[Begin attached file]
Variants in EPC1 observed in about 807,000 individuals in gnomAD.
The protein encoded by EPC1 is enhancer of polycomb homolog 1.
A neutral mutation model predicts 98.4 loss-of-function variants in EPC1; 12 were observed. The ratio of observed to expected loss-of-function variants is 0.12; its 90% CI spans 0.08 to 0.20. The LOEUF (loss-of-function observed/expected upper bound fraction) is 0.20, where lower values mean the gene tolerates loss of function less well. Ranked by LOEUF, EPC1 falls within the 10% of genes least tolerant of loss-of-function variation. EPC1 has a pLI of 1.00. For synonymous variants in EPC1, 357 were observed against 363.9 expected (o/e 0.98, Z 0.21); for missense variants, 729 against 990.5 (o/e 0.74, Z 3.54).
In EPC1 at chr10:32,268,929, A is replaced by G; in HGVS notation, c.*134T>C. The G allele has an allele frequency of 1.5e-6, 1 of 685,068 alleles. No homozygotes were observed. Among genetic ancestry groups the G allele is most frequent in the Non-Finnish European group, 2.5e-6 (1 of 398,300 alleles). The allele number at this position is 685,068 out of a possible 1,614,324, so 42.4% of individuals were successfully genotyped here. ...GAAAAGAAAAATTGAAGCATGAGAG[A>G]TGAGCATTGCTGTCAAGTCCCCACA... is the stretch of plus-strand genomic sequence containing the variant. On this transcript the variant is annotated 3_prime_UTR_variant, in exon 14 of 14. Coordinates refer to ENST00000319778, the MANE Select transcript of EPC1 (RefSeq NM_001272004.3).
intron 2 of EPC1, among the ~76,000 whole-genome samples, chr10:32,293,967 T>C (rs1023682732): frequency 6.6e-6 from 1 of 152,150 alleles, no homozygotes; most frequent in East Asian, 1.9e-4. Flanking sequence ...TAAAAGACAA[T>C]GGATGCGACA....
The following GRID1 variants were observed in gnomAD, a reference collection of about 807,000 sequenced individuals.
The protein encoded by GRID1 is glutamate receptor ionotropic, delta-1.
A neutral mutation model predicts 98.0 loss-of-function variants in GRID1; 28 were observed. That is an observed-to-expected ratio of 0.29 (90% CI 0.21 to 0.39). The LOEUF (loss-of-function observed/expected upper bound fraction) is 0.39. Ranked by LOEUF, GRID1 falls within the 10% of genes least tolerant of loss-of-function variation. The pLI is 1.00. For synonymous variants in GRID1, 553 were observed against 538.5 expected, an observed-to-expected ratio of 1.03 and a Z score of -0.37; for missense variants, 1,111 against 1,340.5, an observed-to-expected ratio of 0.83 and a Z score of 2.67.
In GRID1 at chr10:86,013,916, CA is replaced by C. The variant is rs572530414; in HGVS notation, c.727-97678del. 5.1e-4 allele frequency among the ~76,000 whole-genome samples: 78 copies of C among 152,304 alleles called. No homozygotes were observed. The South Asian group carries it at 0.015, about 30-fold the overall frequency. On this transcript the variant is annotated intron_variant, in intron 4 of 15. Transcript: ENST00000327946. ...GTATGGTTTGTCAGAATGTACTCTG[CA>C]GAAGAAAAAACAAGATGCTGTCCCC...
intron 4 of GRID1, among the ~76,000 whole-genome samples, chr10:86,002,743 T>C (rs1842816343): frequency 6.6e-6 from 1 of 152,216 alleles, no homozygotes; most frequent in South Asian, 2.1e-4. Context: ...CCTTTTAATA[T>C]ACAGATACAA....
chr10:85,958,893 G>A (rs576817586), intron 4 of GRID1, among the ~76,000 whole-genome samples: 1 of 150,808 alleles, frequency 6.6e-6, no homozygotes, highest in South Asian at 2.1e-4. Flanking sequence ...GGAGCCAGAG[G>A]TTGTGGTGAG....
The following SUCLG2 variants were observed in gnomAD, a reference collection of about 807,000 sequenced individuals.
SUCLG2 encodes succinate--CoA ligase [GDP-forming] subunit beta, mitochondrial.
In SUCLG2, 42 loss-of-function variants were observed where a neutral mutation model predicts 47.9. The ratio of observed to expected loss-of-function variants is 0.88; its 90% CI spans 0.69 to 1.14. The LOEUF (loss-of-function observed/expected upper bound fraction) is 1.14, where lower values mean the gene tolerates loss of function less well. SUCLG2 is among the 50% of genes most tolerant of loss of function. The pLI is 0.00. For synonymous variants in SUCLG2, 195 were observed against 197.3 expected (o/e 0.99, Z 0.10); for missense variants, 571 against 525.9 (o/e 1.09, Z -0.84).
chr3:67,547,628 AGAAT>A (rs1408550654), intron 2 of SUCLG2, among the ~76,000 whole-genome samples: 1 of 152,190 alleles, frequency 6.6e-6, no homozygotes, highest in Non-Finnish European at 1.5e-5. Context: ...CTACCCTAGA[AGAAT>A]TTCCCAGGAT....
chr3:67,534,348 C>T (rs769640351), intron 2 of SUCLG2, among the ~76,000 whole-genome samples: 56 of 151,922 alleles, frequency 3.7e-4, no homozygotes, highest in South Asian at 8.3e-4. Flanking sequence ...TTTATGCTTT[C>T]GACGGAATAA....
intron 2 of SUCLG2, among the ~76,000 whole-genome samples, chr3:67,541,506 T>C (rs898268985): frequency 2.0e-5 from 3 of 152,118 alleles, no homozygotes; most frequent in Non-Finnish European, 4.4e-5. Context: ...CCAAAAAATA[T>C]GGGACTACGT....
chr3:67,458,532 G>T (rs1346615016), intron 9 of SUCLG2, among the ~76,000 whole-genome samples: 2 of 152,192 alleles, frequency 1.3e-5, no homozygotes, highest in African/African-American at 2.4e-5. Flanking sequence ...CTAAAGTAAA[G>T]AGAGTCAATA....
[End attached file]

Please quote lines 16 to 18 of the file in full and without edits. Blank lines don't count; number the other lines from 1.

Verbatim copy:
chr3:67,534,348 C>T (rs769640351), intron 2 of SUCLG2, among the ~76,000 whole-genome samples: 56 of 151,922 alleles, frequency 3.7e-4, no homozygotes, highest in South Asian at 8.3e-4. Flanking sequence ...TTTATGCTTT[C>T]GACGGAATAA....
intron 2 of SUCLG2, among the ~76,000 whole-genome samples, chr3:67,541,506 T>C (rs898268985): frequency 2.0e-5 from 3 of 152,118 alleles, no homozygotes; most frequent in Non-Finnish European, 4.4e-5. Context: ...CCAAAAAATA[T>C]GGGACTACGT....
chr3:67,458,532 G>T (rs1346615016), intron 9 of SUCLG2, among the ~76,000 whole-genome samples: 2 of 152,192 alleles, frequency 1.3e-5, no homozygotes, highest in African/African-American at 2.4e-5. Flanking sequence ...CTAAAGTAAA[G>T]AGAGTCAATA....